How’s Ya Mandarin?

Andrew Pegler – 20 November 09

Like mine it’s probably not great but knowing how to say “can I have a job please?” will become handy pillow talk as we crawl out of bed with the US and into bed with China.

It used to be that when the US sneezed we got a cold. So intertwined were our economic fortunes that, while not quite conjoined Bangladeshi twins, we were very much kissing cousins. But that was then and this is now and today China leads the global recovery, not the US. The American drawl that has been the back-drop to our economic fortune is fast becoming a Mandarin mutter to a Bollywood back beat. This waning influence of the US economy on ours is known as decoupling by economists and can be traced back to 2001 when the wheels fell off the dot com boom and it became the dot gone wash-out. The US went into recession, and Western Europe and Japan struggled. We were expected to follow but didn’t.

The economic indicators talk for themselves. For starters, unemployment here is 5.8% while in the US it’s around 10%; housing affordability here remains a big issue while US house prices are either paralysed or falling. Other indicators like budget deficits, trade surpluses etc. all tell the same tale of decoupling economies. In other words while the US may be up excreta creek we have a paddle and are floating down crystal clear waters.

But what does this mean for you? For starters you can expect to be dealing with more Chinese clients and as more Chinese companies set up shop here more of you will be working for Chinese companies. This is already happening in the mining industry. This shift will be felt in other parts of the economy like the arts and popular culture as Chinese movies start to rival US ones and the Chinese aesthetic begins influencing fashion.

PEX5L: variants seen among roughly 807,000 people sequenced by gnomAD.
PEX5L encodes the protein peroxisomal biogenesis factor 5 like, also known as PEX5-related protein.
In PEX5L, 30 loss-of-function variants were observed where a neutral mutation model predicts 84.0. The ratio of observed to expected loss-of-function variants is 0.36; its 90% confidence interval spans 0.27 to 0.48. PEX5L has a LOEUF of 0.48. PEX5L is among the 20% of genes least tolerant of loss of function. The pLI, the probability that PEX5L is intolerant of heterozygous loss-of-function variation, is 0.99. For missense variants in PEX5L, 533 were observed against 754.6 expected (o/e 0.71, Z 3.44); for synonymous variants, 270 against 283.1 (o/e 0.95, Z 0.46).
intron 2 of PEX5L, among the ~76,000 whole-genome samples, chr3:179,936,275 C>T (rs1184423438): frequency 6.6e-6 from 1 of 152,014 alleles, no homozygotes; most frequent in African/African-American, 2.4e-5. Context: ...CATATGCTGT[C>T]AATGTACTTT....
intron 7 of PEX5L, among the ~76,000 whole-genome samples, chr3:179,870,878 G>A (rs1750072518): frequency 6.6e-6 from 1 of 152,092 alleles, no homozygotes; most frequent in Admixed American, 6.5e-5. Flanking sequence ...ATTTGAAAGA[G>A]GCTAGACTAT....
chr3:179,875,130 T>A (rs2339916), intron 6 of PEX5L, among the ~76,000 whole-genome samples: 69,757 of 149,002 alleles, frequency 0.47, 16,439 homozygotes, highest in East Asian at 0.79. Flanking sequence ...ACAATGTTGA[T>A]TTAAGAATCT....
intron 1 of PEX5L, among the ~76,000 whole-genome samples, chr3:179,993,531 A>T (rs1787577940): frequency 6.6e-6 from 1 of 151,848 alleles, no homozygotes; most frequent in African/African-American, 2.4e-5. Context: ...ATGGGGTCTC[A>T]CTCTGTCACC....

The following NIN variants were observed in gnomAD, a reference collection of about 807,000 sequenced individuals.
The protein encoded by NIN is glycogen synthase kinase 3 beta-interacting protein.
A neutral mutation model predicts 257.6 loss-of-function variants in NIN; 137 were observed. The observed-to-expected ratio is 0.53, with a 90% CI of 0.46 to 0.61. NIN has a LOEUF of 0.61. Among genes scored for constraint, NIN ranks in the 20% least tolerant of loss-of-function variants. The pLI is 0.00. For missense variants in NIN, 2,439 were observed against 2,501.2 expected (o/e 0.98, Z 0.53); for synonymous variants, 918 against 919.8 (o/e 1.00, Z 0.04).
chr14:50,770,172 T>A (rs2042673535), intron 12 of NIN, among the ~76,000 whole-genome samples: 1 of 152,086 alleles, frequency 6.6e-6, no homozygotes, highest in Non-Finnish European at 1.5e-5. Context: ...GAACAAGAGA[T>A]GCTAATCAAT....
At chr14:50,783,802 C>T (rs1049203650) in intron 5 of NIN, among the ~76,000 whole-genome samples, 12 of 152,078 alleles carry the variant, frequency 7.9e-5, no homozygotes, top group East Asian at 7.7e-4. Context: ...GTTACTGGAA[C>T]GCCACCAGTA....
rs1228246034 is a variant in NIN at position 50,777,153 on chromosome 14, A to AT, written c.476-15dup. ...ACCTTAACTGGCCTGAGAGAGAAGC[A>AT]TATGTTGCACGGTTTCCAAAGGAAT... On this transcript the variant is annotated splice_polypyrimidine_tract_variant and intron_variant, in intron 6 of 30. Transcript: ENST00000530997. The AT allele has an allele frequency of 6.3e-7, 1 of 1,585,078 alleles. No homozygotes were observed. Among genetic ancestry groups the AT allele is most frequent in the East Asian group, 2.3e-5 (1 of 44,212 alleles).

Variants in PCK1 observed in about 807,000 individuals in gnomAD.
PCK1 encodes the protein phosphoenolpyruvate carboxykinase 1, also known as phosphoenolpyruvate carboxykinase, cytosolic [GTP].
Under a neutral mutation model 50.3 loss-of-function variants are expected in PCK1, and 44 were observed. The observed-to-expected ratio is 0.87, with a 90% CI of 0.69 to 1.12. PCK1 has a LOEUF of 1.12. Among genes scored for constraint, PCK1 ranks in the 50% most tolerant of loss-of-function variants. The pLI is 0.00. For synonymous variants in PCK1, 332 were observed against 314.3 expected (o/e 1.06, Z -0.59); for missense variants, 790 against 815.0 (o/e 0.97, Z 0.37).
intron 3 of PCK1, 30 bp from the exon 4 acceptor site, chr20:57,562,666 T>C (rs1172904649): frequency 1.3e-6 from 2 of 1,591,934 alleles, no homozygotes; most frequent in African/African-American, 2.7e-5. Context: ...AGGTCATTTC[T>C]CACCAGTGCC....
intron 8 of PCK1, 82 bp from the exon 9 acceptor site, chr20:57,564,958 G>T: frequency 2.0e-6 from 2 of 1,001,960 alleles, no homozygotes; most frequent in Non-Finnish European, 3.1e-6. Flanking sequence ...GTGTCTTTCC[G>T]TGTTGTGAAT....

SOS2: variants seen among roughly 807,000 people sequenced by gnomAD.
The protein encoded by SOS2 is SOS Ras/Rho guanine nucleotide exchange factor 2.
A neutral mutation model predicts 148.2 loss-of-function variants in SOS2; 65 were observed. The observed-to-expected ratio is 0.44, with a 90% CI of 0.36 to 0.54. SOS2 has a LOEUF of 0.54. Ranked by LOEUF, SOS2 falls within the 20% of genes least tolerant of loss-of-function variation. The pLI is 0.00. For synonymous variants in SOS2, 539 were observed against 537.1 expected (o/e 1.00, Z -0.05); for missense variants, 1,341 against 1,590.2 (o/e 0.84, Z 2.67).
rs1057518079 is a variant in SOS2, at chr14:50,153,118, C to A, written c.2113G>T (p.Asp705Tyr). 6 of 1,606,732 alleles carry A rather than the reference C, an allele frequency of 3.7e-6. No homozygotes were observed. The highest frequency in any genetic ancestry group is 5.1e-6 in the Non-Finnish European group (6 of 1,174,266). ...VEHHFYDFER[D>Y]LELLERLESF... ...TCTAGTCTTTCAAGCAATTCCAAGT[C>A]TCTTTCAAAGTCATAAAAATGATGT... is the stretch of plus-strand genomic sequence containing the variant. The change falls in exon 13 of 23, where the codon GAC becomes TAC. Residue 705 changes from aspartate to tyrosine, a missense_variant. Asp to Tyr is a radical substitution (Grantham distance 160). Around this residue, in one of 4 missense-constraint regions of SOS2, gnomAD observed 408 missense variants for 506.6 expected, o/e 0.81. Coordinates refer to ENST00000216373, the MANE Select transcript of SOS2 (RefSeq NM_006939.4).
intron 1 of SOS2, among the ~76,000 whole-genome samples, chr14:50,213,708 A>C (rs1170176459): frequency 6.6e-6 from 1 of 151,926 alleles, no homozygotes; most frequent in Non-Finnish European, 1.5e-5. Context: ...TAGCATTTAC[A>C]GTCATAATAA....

But as the RBA governator Glenn Stevens explained at a recent dinner in Melbourne, it’s not all beer and chop sticks because the more income Australia draws from China and India the more we’re exposed to their property bubbles and exchange rate dramas. But as they say, no risk no gain.

So with all the signs pointing to us being sucked along the slipstream of a surging China and India it may be idea to take a leaf out of Kev’s book and brush up on your Mandarin, learn to throw a Peking duck on the barbie and take a few Bollywood dancing lessons. You never know where it may take you.

And in other news… with the extremely low interest rates and the billions pumped into the economy, inflation has been a chief concern of the US Federal Reserve. However, the latest data out has seen US October prices increase less than expected, easing concerns that inflation would rain on the recovery parade. Stay tuned for more US data over the coming weeks.